Nearly a year into the pandemic, mental health is a simmering crisis for many of the nation’s schoolchildren, partly hidden by isolation but increasingly evident in the distress of parents, the worries of counselors and an early body of research. Mental health problems account for a growing proportion of children’s visits to hospital emergency rooms, according to the Centers for Disease Control and Prevention. From March, when the pandemic was declared, to October, the figure was up 31% for those 12 to 17 years old and 24% for children ages 5 to 11 compared with the same period in 2019.
Lily Villa, 16, a junior at Mabton High School in Washington state, said she struggled with anxiety before the pandemic, but it is worse. Adding another layer is the cultural taboo, she said: Mental health issues are not widely discussed in her Latino community. “A lot of the time it is just the uncertainty of school,” she said. “When am I going to be able to go back? How are my grades going to be affected not only because I am doing online school but because of my mental health? My peers have struggled the same way — some of them even worse,” she said. Students who are most vulnerable are often most affected — tending to have greater family disruption and economic hardship, less access to mental health services and fewer technological devices for connecting to school. Experts point out that students can have very different experiences of isolating at home. Some are doing better academically — free from social anxieties, peer pressures and distractions, and getting more sleep. Some have bonded more with their families. But others are visibly struggling: kids who don’t get out of bed, who stop eating, who harm themselves or withdraw from families and friends. Kids who fail their courses or no longer want to plug in.
With so many students learning remotely, problems can be harder to spot. Often, teachers and counselors don’t see the faces of their students during Zoom sessions. Teenagers in particular don’t turn their laptop video cameras on — not wanting to show their homes in the background or feeling awkward about showing themselves. “It’s even more difficult to build trust and see a student’s nonverbals if all you’re seeing is a black screen on Zoom,” said John Nwosu, a school counselor in the Atlanta area. “It’s difficult for them to get the mental health support they need,” Nwosu said. “We have to be more intentional and active.”There is also the added element of not knowing which students are experiencing abuse and trauma in their households. Based on the trend over 20 years of tracking cases, tens of thousands of abused children have not come to the attention of authorities during the pandemic, said Teresa Huizar, executive director of the National Children’s Alliance, an accrediting body for the country’s 900 children’s advocacy centers.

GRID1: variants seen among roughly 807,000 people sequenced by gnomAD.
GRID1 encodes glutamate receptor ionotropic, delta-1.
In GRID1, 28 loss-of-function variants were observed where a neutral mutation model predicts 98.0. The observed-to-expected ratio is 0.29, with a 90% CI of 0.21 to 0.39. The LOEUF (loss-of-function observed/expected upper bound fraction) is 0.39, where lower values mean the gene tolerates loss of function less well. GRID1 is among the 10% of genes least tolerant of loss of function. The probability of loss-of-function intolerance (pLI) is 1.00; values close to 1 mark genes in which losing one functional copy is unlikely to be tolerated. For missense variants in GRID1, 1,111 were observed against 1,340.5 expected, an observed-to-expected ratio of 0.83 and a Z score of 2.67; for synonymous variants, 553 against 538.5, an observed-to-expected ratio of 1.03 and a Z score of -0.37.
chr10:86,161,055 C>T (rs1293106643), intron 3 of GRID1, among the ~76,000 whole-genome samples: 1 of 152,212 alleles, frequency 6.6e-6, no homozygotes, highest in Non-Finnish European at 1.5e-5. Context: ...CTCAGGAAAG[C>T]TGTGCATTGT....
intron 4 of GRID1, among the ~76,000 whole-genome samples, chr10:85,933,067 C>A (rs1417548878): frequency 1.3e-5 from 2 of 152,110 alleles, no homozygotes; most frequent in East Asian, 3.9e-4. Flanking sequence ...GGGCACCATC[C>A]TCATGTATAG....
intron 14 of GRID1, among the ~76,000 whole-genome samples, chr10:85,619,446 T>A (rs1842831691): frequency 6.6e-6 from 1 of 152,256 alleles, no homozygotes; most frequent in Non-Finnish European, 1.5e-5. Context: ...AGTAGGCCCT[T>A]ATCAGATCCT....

For students of color, the pandemic has taken on another dimension because it hit harder in Black and Hispanic communities. And then George Floyd was killed, focusing the country’s attention on its history of systemic racism. “They are trying to manage both of those things . . . and grief,” said Erlanger Turner, a psychologist and assistant professor at Pepperdine University. Some have reeled, too, over the Jan. 6 storming of the U.S. Capitol by pro-Trump extremists — and the differences in police response between the riot and the Black Lives Matter protests.
Amidst all of the added pressures of the pandemic, school districts are making an effort to increase resources for young people in a myriad of ways. In New York, city and school officials announced a mental health initiative that will target 27 neighborhoods most affected by covid-19, with a first phase focused on roughly 380,000 students in 830 schools. Plans include student mental health screenings and the hiring of 150 additional social workers. “You can’t succeed academically if you’re struggling internally,” a tweet from the mayor’s office said.
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